QR Codes - ictensw

QR Codes
QR code (abbreviated from Quick Response Code) is the
trademark for a type of matrix barcode (or twodimensional bar code) first designed for the automotive
industry in Japan. Bar codes are optical machine-readable
labels attached to items that record information related
to the item. It was initially patented; however, its patent
holder has chosen not to exercise those right
QR codes can be read by many mobile devices. they can
then be used to link to a website, display a message,
business card, an email address or a phone number or
information about something.
QR codes are everywhere! All you need is a smartphone,
tablet or iPod touch and an app (or two) to read a code.
But the real fun is in creating codes and thinking of ways
to use them in the classroom. QR codes are a great way
of focusing students’ attention on a task, and can be
especially useful in situations where students have poor
literacy skills.
In this workshop participants will look at various apps for
creating and reading QR codes as well as examining the
different types of QR codes. Various examples of how QR
codes can be used will be presented and you should leave
the session with ideas ready to use.
Technology Enhanced Learning Blog
Since (David Hopkins) starting looking into QR Codes and how
they can be used in Higher Education (library’s, classrooms,
museums, induction, etc) there has been one name that keeps
coming up in all my searches: Andy Ramsden at Bath University.
His blog QR Codes at Bath makes for great reading for anyone
interested. He writes on all aspects of the uses of QR Codes from
Conference badges, Museums, and ticketing to uses in
educational context.
His presentation, given at the Plymouth eLearning Conference in
2009 explores the uses of QR Codes in education. It is a must-read
for anyone looking for background or uses of this growing
technology – while it may be a ‘fad’ at the moment, it has the
potential to be so much more.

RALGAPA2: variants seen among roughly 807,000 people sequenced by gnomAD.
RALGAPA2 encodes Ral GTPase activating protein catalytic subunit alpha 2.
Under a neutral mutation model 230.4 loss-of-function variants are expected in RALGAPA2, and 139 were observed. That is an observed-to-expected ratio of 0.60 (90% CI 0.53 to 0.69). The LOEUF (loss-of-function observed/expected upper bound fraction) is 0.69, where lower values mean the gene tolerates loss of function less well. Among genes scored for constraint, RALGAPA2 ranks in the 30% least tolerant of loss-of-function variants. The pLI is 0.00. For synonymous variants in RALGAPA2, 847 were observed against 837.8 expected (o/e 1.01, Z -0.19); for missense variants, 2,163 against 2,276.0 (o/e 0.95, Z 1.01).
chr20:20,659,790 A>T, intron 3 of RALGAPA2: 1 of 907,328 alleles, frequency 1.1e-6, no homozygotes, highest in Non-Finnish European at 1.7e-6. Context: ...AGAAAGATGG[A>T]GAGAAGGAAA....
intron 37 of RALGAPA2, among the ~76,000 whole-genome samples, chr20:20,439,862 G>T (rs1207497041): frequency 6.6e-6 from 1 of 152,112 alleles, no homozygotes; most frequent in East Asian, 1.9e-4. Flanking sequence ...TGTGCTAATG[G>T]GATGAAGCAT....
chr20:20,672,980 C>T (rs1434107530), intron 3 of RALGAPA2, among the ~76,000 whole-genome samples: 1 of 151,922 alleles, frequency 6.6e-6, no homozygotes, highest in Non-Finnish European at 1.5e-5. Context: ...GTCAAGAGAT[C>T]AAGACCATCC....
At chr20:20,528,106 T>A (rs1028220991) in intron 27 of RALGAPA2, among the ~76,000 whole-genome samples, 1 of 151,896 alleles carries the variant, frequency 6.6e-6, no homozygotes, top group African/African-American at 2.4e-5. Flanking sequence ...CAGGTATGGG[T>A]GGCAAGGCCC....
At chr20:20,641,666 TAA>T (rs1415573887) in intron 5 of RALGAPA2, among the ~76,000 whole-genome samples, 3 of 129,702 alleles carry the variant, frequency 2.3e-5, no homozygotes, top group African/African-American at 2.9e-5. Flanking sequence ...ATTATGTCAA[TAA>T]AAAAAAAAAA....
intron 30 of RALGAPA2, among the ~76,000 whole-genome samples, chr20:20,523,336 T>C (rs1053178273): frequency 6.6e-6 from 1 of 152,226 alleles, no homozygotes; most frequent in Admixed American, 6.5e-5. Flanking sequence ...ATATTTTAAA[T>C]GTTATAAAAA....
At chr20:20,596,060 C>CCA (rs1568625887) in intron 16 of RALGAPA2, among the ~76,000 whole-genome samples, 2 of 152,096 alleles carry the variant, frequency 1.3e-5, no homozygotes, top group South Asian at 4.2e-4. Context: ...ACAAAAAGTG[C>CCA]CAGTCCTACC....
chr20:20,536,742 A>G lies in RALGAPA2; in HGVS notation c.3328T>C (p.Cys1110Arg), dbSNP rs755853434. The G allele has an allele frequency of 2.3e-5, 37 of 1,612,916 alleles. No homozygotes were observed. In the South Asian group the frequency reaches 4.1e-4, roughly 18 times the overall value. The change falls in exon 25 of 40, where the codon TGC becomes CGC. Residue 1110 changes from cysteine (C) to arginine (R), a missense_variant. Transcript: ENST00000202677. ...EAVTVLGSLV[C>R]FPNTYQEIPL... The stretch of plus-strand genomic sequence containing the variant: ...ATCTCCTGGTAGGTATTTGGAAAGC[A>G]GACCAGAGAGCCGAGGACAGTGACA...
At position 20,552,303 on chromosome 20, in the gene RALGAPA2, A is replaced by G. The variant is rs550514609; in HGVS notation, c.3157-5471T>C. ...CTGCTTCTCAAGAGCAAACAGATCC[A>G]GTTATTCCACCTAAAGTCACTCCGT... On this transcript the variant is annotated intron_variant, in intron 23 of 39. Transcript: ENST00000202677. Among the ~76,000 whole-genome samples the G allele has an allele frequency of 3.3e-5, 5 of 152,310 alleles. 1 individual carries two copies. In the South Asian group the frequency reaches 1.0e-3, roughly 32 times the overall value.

Another excellent presentation on the use of QR Codes in
education and learning is from Australian, John Sandler.
A Question for You.
Further research
• http://www.dontwastey
• Short URL
Discussion of QR codes
and some suggestions for
Educause wiki
• http://www.educause.edu/library/resources/7
Website Creator – one of many
QR Code Creators
• http://freenuts.com/top-10-free-online-qrcode-generators/
Apps - iDevices
• http://appsineducation.blogspot.com.au/2012
• Some have create options, some require
payment for creation
QR code – easier using Short URL
Long URL
Short URL
The city of Rio built QR Codes into the pavement to attract
onlookers. Upon scanning, the Codes led to maps, facts
and figures about the area.
The city hopes to install 30 more QR Codes in various
locations to educate visitors. Pictured below is one of the
Codes found on the sidewalks.
At the world’s largest golf facility in Mission Hills Shenzhen, China, the
largest human QR Code record was set. Roughly 2,000 of the course’s staff
members holding umbrellas made for a larger than life Code. After an aerial
photo from 270 above the ground was taken, one of the most unique and
sizable Codes on the planet.
The Code, upon scanning, leads to a campaign website promoting
sustainable eco-tourism.
Powerhouse Museum
The Love Lace mobile application
An exhibition visit is best enjoyed
with the free mobile app for iPhone
and Android.
This app works as a companion
exhibition catalogue in your pocket.
Use the app to scan the QR codes on
the labels in the galleries to explore
each work and artist in more detail.
Focusing students’ attention on a task
Situations where students have poor literacy skills
Avoid copying long URL’s
Quick Access to sites/information
Scavenger Hunt
Blogs & Others
QR codes have a wealth of uses in (and out) of the language classroom. Since the
explosion in the smartphone market QR codes have become something of an
epidemic but for those who don't get what they are, in simple terms the funny
little square of monochrome pattern can be scanned with a smartphone and then
the user is directed to some other information. Now that info is usually some
marketing literature but can be a specific location on a map, a song, or a video. In
the classroom you can use them for treasure hunts or vocabulary learning. Lisa
Stevens also uses it for creating starters, plenaries and for creating talking walls
where information is revealed when the student scans a particular QR code.
Treasure Hunt/Scavenger Hunt
http://www.yoursmarticles.blogspot.com.au/p/qr-code-ideasand-resources.html#.UYY708qnDmI Links to paid site for